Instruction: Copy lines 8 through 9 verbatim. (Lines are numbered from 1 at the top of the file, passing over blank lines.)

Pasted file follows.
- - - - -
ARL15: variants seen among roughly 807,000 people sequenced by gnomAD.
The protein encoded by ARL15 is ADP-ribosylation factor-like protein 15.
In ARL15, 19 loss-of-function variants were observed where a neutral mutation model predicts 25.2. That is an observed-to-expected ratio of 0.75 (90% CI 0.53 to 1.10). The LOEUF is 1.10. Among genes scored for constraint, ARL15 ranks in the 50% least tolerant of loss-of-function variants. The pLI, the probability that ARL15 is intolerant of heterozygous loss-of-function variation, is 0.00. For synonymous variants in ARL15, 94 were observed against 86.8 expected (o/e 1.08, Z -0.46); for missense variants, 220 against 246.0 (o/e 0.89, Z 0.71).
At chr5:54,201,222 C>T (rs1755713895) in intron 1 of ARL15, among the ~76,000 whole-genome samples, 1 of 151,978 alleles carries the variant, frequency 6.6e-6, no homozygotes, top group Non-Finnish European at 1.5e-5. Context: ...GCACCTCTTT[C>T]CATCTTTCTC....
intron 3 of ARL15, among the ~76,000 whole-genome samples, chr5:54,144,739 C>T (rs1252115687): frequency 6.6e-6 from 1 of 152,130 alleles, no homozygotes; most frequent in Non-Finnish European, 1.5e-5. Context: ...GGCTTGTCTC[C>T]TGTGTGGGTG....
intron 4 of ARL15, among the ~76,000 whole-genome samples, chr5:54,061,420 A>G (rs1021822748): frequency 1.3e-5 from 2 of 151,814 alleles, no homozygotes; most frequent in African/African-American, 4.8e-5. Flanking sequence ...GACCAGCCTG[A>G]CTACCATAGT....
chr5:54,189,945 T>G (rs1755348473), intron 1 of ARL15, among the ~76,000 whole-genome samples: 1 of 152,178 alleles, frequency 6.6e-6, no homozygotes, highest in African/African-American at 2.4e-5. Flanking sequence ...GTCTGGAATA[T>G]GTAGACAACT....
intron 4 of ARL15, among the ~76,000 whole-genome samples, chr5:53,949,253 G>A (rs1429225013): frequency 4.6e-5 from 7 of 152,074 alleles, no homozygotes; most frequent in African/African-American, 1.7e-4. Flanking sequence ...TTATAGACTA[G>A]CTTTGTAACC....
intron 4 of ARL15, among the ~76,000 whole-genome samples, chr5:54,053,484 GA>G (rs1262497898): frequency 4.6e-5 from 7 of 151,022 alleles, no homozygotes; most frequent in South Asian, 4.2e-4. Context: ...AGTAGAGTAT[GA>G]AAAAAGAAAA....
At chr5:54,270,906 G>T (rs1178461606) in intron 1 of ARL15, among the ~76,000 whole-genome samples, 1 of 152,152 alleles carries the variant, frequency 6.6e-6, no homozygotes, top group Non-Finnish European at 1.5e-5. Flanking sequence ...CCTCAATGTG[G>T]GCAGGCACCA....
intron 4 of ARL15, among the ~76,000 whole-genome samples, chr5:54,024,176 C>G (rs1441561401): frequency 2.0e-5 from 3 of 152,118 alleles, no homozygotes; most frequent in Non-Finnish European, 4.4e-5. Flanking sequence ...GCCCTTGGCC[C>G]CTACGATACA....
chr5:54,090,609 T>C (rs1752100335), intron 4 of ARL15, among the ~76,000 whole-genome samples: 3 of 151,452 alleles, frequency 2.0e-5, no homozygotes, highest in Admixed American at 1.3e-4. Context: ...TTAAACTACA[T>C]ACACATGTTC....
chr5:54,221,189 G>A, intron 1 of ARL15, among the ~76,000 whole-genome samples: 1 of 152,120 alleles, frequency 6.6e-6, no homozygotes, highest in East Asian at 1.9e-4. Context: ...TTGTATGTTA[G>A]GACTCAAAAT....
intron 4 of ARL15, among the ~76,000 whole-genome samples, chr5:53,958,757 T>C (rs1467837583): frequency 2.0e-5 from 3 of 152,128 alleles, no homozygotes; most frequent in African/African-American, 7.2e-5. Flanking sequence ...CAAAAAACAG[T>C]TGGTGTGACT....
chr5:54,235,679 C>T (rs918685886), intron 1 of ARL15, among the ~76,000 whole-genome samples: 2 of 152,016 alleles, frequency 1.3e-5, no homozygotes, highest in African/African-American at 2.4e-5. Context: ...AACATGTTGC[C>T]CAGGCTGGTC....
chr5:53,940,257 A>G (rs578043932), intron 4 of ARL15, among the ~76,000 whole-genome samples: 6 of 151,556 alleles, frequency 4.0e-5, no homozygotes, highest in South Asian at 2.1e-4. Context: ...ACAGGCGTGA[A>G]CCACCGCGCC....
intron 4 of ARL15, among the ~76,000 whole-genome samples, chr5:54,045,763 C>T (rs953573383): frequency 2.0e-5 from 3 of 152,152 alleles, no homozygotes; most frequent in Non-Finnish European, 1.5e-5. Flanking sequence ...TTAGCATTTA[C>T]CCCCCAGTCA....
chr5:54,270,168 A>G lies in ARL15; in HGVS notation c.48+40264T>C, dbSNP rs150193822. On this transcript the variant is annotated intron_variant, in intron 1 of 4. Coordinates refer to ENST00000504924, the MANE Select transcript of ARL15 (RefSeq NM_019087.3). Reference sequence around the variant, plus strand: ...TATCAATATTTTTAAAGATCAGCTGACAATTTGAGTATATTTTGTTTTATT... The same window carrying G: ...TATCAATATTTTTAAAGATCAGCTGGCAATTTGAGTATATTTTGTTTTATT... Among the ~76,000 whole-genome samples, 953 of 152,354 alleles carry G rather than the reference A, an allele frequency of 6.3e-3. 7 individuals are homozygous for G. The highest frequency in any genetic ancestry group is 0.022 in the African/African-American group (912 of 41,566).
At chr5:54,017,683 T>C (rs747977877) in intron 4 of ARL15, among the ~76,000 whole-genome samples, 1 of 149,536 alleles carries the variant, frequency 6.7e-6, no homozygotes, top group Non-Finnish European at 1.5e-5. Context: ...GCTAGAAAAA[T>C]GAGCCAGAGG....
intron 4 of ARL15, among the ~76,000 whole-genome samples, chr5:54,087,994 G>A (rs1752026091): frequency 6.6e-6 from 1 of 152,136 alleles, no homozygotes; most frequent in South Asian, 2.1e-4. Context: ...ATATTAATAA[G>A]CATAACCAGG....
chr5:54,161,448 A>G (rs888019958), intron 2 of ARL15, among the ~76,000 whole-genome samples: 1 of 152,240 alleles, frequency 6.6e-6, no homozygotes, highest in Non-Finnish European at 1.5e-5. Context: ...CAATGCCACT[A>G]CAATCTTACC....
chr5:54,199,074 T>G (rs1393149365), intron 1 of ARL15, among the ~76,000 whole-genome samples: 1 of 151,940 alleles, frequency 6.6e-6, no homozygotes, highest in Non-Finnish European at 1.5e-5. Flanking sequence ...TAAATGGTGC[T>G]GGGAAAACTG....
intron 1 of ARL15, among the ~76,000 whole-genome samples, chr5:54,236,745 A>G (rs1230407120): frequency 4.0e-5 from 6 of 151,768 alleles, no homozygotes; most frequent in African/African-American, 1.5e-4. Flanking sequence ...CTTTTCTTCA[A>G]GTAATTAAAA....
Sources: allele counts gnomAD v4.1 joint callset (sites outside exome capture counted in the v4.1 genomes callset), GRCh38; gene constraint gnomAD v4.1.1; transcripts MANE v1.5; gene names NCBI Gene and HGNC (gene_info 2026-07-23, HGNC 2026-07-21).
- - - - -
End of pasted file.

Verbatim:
intron 4 of ARL15, among the ~76,000 whole-genome samples, chr5:53,949,253 G>A (rs1429225013): frequency 4.6e-5 from 7 of 152,074 alleles, no homozygotes; most frequent in African/African-American, 1.7e-4. Flanking sequence ...TTATAGACTA[G>A]CTTTGTAACC....
intron 4 of ARL15, among the ~76,000 whole-genome samples, chr5:54,053,484 GA>G (rs1262497898): frequency 4.6e-5 from 7 of 151,022 alleles, no homozygotes; most frequent in South Asian, 4.2e-4. Context: ...AGTAGAGTAT[GA>G]AAAAAGAAAA....